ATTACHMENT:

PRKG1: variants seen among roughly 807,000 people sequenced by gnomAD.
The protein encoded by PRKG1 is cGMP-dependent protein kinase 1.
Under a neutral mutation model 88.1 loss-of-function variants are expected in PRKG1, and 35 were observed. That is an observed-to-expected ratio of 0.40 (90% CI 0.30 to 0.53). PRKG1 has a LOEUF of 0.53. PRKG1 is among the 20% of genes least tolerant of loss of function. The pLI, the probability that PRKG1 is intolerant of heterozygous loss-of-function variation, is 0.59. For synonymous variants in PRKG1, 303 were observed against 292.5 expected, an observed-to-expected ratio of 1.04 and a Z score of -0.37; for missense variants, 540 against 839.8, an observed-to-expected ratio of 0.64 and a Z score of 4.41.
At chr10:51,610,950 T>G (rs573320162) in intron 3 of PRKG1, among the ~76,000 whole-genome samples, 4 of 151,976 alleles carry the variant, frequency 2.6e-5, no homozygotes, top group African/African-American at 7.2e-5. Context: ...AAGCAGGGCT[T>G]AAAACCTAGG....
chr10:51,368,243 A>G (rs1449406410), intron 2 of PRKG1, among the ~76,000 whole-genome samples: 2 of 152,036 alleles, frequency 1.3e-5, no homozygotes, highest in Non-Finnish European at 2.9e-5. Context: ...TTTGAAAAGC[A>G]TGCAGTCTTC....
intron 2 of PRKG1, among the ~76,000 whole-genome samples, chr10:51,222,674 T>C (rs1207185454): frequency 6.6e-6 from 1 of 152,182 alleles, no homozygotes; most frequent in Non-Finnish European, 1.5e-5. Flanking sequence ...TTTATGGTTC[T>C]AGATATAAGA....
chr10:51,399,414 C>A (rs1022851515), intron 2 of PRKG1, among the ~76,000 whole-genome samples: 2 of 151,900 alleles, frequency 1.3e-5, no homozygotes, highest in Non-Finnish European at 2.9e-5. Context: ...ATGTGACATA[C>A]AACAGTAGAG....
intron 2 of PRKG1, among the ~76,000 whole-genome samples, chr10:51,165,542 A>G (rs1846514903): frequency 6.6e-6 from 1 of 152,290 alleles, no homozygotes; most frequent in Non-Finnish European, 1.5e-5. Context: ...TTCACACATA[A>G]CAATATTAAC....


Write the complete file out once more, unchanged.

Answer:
PRKG1: variants seen among roughly 807,000 people sequenced by gnomAD.
The protein encoded by PRKG1 is cGMP-dependent protein kinase 1.
Under a neutral mutation model 88.1 loss-of-function variants are expected in PRKG1, and 35 were observed. That is an observed-to-expected ratio of 0.40 (90% CI 0.30 to 0.53). PRKG1 has a LOEUF of 0.53. PRKG1 is among the 20% of genes least tolerant of loss of function. The pLI, the probability that PRKG1 is intolerant of heterozygous loss-of-function variation, is 0.59. For synonymous variants in PRKG1, 303 were observed against 292.5 expected, an observed-to-expected ratio of 1.04 and a Z score of -0.37; for missense variants, 540 against 839.8, an observed-to-expected ratio of 0.64 and a Z score of 4.41.
At chr10:51,610,950 T>G (rs573320162) in intron 3 of PRKG1, among the ~76,000 whole-genome samples, 4 of 151,976 alleles carry the variant, frequency 2.6e-5, no homozygotes, top group African/African-American at 7.2e-5. Context: ...AAGCAGGGCT[T>G]AAAACCTAGG....
chr10:51,368,243 A>G (rs1449406410), intron 2 of PRKG1, among the ~76,000 whole-genome samples: 2 of 152,036 alleles, frequency 1.3e-5, no homozygotes, highest in Non-Finnish European at 2.9e-5. Context: ...TTTGAAAAGC[A>G]TGCAGTCTTC....
intron 2 of PRKG1, among the ~76,000 whole-genome samples, chr10:51,222,674 T>C (rs1207185454): frequency 6.6e-6 from 1 of 152,182 alleles, no homozygotes; most frequent in Non-Finnish European, 1.5e-5. Flanking sequence ...TTTATGGTTC[T>C]AGATATAAGA....
chr10:51,399,414 C>A (rs1022851515), intron 2 of PRKG1, among the ~76,000 whole-genome samples: 2 of 151,900 alleles, frequency 1.3e-5, no homozygotes, highest in Non-Finnish European at 2.9e-5. Context: ...ATGTGACATA[C>A]AACAGTAGAG....
intron 2 of PRKG1, among the ~76,000 whole-genome samples, chr10:51,165,542 A>G (rs1846514903): frequency 6.6e-6 from 1 of 152,290 alleles, no homozygotes; most frequent in Non-Finnish European, 1.5e-5. Context: ...TTCACACATA[A>G]CAATATTAAC....